There is quite a bit of interesting and informative reading on the Steel Soldiers MV site regarding using locally available exterior house paint as a top coat, and the Rustoleum RM Primer, or Valspar Farm Machinery Red Oxide Primer, and some other primers are mentioned. Lots of info and paint formulas for getting a specific color and sheen. These guys are mostly painting MV's bigger than Jeeps.
The folks at SSMV sited as some of their reasons: no shipping or hasmat fees; locally available in case a little more is needed or the color needs tweaking; durability when fully cured; supposedly sprays well through cheap HF spray guns, water is the appropriate solvent.
Cons: Still needs a very good oil base primer; takes quite a while to cure and toughen-up; sometimes requires creativity and persistence to "train" big box paint dept. personnel to get exactly what you want; the best paint isn't cheaper than the good oil based MV paint (sans the fees).
Don't know when or if I'll throw paint at my project. I am curious enough after reading through the posts that I'll probable try painting some parts initially with one of the recommended house paints to see what the results look like.
I am not an automotive painter but a friend recommended using the Rust-Oleum Rusty Metal Primer on small parts when you do not want to get out the paint gun. I have used these spray cans to paint small parts and followed up with Rapco 23070 spray cans and in my opinion it looks great. There is a lot of preparation involved but I am pleased so far. I will pick up some Rapco primer this weekend but I have not used any yet.
Wes has some great post about how close the 23070 is to the original color if you are interested in that but I choose to stay with that color as I will have spray cans that I can use for touch up when necessary.
Hope this helps.
Best of luck with your project. _________________ 1952 M38 3/52
Joined: May 30, 2014 Posts: 3018 Location: Texas Hill Country
Posted: Thu Aug 14, 2014 10:22 am Post subject:
I have been using rattle can self etching primer for several years now on railroad projects.
I have had very good results on even aluminum with good preparation.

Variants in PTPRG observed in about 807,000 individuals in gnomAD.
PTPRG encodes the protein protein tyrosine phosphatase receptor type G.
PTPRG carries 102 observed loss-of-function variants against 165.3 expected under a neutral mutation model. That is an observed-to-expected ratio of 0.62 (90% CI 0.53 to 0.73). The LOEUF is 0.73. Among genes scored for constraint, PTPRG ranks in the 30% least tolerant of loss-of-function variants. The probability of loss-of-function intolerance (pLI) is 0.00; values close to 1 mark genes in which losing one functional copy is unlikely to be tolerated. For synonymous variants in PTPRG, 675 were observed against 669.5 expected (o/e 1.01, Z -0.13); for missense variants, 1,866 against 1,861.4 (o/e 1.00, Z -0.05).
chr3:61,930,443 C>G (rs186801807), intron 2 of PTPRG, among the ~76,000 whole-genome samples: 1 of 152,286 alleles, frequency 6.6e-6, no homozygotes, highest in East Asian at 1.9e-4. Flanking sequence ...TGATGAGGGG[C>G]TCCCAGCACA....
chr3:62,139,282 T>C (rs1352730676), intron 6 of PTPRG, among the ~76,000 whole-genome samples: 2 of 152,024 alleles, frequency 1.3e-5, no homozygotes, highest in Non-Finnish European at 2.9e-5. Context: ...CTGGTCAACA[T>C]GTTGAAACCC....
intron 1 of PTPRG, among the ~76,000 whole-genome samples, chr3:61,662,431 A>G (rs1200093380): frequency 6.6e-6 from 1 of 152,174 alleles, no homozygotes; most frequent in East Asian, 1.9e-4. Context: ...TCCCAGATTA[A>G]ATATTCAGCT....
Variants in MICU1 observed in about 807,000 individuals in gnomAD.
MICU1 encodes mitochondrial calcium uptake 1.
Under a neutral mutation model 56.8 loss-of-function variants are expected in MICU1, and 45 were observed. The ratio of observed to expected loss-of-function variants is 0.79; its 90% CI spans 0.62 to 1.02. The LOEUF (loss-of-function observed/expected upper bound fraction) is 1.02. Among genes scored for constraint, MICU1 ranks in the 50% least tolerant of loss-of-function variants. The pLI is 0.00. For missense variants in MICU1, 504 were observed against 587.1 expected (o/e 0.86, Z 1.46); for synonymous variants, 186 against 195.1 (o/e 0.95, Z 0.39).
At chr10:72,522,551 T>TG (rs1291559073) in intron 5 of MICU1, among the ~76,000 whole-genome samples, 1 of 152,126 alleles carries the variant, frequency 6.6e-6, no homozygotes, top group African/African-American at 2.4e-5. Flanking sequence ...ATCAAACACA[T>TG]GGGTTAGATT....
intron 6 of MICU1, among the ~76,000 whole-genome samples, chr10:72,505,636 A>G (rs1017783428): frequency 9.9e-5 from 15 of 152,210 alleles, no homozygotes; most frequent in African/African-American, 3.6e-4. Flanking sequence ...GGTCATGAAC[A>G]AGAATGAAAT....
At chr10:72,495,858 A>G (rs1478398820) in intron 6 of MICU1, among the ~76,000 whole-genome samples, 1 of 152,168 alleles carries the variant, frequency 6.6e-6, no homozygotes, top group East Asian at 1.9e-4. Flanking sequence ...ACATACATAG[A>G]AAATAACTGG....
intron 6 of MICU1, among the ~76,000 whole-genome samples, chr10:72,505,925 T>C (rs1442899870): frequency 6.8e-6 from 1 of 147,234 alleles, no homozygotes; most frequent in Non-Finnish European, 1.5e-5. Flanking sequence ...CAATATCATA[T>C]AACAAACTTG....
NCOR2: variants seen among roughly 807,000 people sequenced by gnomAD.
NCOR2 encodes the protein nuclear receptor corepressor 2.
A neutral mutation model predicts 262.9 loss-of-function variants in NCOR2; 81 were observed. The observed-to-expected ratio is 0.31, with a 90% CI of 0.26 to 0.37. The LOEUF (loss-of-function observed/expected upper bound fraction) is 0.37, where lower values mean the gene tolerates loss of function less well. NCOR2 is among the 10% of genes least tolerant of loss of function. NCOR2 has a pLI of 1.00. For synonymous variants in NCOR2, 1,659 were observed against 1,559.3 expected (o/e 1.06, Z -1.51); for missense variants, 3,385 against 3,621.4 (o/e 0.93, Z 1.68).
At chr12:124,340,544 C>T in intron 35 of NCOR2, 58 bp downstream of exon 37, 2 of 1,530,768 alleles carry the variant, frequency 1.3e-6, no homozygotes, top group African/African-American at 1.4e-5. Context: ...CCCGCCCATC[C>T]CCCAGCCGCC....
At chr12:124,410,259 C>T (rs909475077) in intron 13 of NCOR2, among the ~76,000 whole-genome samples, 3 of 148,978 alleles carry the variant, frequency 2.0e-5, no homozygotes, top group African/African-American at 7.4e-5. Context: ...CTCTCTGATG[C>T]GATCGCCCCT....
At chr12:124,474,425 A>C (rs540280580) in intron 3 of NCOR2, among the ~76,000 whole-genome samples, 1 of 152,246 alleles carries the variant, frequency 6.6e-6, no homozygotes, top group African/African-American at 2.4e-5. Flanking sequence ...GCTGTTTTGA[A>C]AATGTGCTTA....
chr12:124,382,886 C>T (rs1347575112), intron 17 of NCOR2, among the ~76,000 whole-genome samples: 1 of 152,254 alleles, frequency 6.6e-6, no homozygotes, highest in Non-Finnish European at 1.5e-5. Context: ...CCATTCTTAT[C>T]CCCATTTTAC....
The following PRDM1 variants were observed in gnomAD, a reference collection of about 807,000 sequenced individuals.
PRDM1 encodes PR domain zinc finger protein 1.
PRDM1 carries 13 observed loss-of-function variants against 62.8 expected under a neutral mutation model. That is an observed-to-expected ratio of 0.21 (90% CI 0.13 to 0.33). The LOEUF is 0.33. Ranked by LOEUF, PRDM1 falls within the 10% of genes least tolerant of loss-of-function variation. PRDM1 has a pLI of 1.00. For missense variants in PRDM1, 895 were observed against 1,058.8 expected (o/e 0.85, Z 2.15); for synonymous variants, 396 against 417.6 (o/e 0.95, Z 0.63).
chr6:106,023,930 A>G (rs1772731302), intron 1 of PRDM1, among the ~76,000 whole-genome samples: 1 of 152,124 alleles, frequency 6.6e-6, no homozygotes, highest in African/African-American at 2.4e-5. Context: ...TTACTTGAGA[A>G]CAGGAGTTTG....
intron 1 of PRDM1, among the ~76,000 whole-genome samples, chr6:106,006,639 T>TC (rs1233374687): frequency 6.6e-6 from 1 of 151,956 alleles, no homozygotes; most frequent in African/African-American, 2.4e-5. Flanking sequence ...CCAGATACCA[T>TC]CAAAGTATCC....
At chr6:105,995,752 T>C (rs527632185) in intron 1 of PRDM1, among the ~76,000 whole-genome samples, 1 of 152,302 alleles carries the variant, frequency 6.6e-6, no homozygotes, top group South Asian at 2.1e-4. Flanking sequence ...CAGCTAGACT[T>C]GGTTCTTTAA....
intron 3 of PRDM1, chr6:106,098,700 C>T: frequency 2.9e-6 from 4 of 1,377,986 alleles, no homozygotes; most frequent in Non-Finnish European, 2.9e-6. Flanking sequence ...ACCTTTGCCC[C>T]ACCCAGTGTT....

Especially with aluminum, it helps to scuff up the finish a bit to give the primer something to grab onto. You don't have to crater the finish, just rough it up a bit with some fairly light grit paper or sanding pads. Clean with mineral spirits or similar, and do NOT touch with your skin before spraying the primer on.
It dries fairly quickly, has a bit of a filler effect, so can be sanded, then repainted.
I usually apply a light tack coat that may not cover, let that dry, then put on the finish coat covering everything, then let it dry overnight.
I am using this stuff right now on my suspension rebuild and other small parts.
Joined: Mar 13, 2006 Posts: 1072 Location: Richburg, SC
Posted: Sat Jan 21, 2017 9:12 am Post subject:
I am now working on my 3rd HMV. The first was my 1954 M38a1. I sand blasted it to bare metal, sprayed etching primer, automotive primer and painted in a paint booth with GCI 24087 from Rapco. Turned out great with no problems.
The second was a custom "bobbed" M35a2. Same scenario - blasted, etching primer, auto primer, GCI desert tan (forget the #) from Rapco painted in the bay at the body shop.
The one I'm working on now - 1964 USMC M38a1 is going to be sanded down to original paint, body work done and painted with Behr Marquee 24052 semigloss. I have already painted some parts (gas tank, hubs and drums and the driver compartment/gas tank well) with 2 coats of Rustoleum Rusty Metal Primer and 2 coats of Behr thinned with H2O. The primer dries quickly and the Behr does also (if it is warm outside). I was able to handle the parts within an hour, although as I have read, it can take months for full curing. I am very pleased with the quality of the finish sprayed with my cheap HF gun! I was able to get in and drive it around the day after I painted and my boots have yet to rub the paint off of the floor!
I am undecided as to whether I will be using the GCI or Behr for the exterior of the Jeep, but am leaning more toward the Behr with everything I spray. I will be spraying the rest of the interior and engine compartment soon and will be spraying the underbody and frame with it also. _________________ Matt
1964 USMC M38a1
'51 USMC M100 trailer, '54 M100 trailer, '90 M101a1 trailer
Http://wilfreeman.wordpress.com (M38a1 build blog)
http://m38a1usmc.wordpress.com (USMC M38a1 rebuild blog)
Joined: Mar 13, 2006 Posts: 1072 Location: Richburg, SC
Posted: Sat Jan 21, 2017 2:19 pm Post subject:
I tried to buy it from the same Home Depot a few years ago, but they couldn't find the code. The assistant manager that was working this time I tried went straight to the correct screen and found the "competitors number", which is the FSS paint code 24052. He mixed it according to the FSS paint code formula.
I don't really have anything USMC to compare the color to, but it is definitely semi gloss and forest green. I think getting the semigloss right was EASIER than with the enamel. With enamel, I was mixing Naphtha as the thinner - any difference in the ratio presented you with a different gloss. So on my other Jeep (sprayed in GCI 24087), I have a couple of different sheens. I put 2 heavy coats of the Behr on my gas tank in 55 deg weather - I thought I had screwed up. After a couple of hours it was still glossy and wet. After another 1.5hrs it was dry enough to move inside. The next morning it was dry (40deg night) and I installed it in the Jeep! The gloss was also gone.
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